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PSO looks homeward

Made in Maine. You see that green sticker on everything from moose ornaments to mustard. Next Tuesday, more than the music will be made in Maine. The soloist will be homegrown, too. The Portland Symphony will turn its spotlight inward to what Portland has to offer the world stage.

For the last four years, Margaret Yauger, international mezzo, has lived in Maine, teaching at USM, singing with the PSO, and jetting off around the world. A call from the PSO in Portland comes in to her New York agent who calls Cape Elizabeth to book her for a show at Merrill Auditorium. Made in Maine.

Margaret Yauger has sung with orchestras and opera companies on stages in Germany, France, Italy, Spain, Mexico, and across North America, including at the New York City Opera with Beverly Sills back in the day. The list of her opera repertoire numbers nearly 50 different demanding roles in as many operas in half-a-dozen languages.

The Portland Symphony knows a good thing when itís staring them in the face. Yauger has recently sung the St. Matthew Passion, the 9/11 broadcast, and Beethovenís Ninth under Toshiís baton, and next Tuesday will sing Mahlerís Rückert Lieder with him on the podium as well.

Written separately, these five songs of Mahlerís are often grouped together by poet. The poems speak of devotion to love, to art, to insomnia, even limes (yes, limes). Rückertís poetry was a favorite of many of the 19th-century composers, especially Mahler and Schumann.

While Yauger has sung two of the five Rückert Lieder, Tuesday will be the first time she has sung the full complement of Mahlerís settings. "Brahms and Mahler both handle the voice so well," says Yauger. Mahler is no stranger to her; she sang his Kindertotenleider for her senior recital at Converse College. "I suppose itís the melancholy that appeals to me."

Yauger met her husband, bass Malcolm Smith, 30 years ago at a festival in Central City, Colorado, and returned with him to Germany where he was singing on a regular basis. Immediately, Yauger was employed in the ubiquitous state-sponsored opera of that country.

For more than a decade, she was the leading mezzo of the Deutsche Opera in Düsseldorf, singing four different operas a week and never in English. For a native of Alabama, this was a different life, a welcome life; as a singer, this was rewarding work, putting oneís gifts to the challenge day in and day out. "I have good nerves," she says, modestly.

Then tragedy struck. "Iíve spent the last 10 years dealing with near-constant pain," Yauger confides. Pain as a result of a simple ankle operation gone awry seven years ago in Germany, severing the nerves to her foot.

Once back in the US, doctors at St. Lukeís in New York "rewired" her, she says, performing what at that time was an eight-hour, never-before-attempted nerve transplant operation that saved her foot, but left her crippled, necessitating her performing now with a crutch that leaves her bodyís muscles in knots for days afterwards.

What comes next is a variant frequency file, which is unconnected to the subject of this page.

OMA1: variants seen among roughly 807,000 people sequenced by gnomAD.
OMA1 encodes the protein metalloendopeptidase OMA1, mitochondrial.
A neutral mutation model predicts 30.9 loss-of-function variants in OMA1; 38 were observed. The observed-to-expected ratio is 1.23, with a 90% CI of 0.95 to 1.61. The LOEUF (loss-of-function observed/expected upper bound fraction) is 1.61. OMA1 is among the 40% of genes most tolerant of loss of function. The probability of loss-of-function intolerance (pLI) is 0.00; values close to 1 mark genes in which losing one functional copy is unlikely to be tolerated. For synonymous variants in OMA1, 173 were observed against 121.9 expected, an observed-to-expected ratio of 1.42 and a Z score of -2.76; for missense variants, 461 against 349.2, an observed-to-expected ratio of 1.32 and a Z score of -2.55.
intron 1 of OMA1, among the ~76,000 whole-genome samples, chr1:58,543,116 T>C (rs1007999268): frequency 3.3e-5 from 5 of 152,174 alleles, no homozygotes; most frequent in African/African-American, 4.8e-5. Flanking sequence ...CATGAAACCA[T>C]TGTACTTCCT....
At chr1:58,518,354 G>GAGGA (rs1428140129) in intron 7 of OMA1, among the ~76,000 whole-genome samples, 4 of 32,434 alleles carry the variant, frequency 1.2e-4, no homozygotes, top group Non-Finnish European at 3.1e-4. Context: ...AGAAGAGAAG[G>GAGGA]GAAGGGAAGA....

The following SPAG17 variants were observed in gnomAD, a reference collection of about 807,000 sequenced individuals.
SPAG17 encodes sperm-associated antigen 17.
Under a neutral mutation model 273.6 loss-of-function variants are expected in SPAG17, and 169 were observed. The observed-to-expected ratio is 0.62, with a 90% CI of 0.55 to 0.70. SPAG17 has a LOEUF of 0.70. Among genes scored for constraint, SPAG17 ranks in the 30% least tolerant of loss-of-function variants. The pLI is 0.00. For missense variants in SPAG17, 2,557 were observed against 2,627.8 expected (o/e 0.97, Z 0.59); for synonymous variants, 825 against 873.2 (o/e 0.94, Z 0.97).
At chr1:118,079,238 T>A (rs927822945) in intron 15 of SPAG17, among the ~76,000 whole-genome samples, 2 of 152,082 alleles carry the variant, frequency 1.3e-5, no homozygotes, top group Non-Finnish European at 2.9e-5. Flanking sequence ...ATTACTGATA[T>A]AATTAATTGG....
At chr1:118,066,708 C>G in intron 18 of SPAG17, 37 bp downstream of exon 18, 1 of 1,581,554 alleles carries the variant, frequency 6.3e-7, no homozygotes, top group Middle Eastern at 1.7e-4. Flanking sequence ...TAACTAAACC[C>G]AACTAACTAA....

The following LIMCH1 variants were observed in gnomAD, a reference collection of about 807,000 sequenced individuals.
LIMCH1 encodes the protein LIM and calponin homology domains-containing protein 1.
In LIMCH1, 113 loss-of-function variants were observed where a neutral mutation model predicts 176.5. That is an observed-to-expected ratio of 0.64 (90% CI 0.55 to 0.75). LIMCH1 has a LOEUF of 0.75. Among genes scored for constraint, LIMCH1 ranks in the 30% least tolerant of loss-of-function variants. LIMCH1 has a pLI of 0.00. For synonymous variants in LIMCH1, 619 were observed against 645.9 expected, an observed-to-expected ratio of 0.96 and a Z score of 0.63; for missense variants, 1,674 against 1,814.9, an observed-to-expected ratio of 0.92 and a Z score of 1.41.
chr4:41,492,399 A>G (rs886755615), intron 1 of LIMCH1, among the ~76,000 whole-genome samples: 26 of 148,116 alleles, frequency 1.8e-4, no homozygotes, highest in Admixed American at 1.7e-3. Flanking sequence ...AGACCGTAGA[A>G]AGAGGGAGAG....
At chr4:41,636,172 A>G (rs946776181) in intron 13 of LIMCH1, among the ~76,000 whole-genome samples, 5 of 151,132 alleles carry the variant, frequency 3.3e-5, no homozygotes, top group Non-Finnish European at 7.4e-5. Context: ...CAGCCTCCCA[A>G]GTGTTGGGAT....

"Sure, I lost something career-wise," she concedes. "There were repercussions. I lost a MET contract for one thing. But I believe in making it better, not bitter, and I know now what I can do and canít. Those are the decisions you have to make."

Gone, for the most part, is the operatic stage where she had made a significant career. But in its place are concert performances such as next Tuesday. Since her career readjustment, Yauger has sung Wagner with the National Symphony, Brahms with Roanoke, Verdi with Berlin, and Handel with Jacksonville. She has sung Beethoven with Heidelberg, Berg with Boston, and Strauss with the London Symphony under Seiji Ozawa. Margaret Yauger is a survivor.

After the devastation of her operation, "I needed beauty," Yauger admits. "I was desperate for some beauty in my life." Having gone to graduate school in Boston, she knew of the beauty of The North Country, and in one trip back, she and her husband "fell in love with Maine."

Ellen Chickering of the USM School of Music heard her sing with the PSO and hired her on the spot. Now, in addition to tooling around the world, canes in hand, Margaret Yauger shares her gifts with young singers.

"I pray that I may reach someone," she says. "You have to be obsessed with singing. I expect a lot from my students and work them very hard on technique because I believe in that long haul. But if you donít express yourself, do something else. Itís a responsibility to your talent."

And what will she be thinking as the orchestra wraps her in their arms Tuesday night? "I love the orchestration," Yauger says. "It is such a turn-on to sit up there in the middle of an orchestra. Itís like flying!"

Composer J. Mark Scearceís Urban Primitive makes its Maine premiere during this concert with Margaret Yauger. He discusses the work at 6:15 p.m. on the day of the show. He can be reached at scearce@usm.maine.edu

The Portland Symphony Orchestra play at Merrill Auditorium, in Portland, March 11. Call (207) 842-0800.

Issue Date: March 6 - 13, 2003
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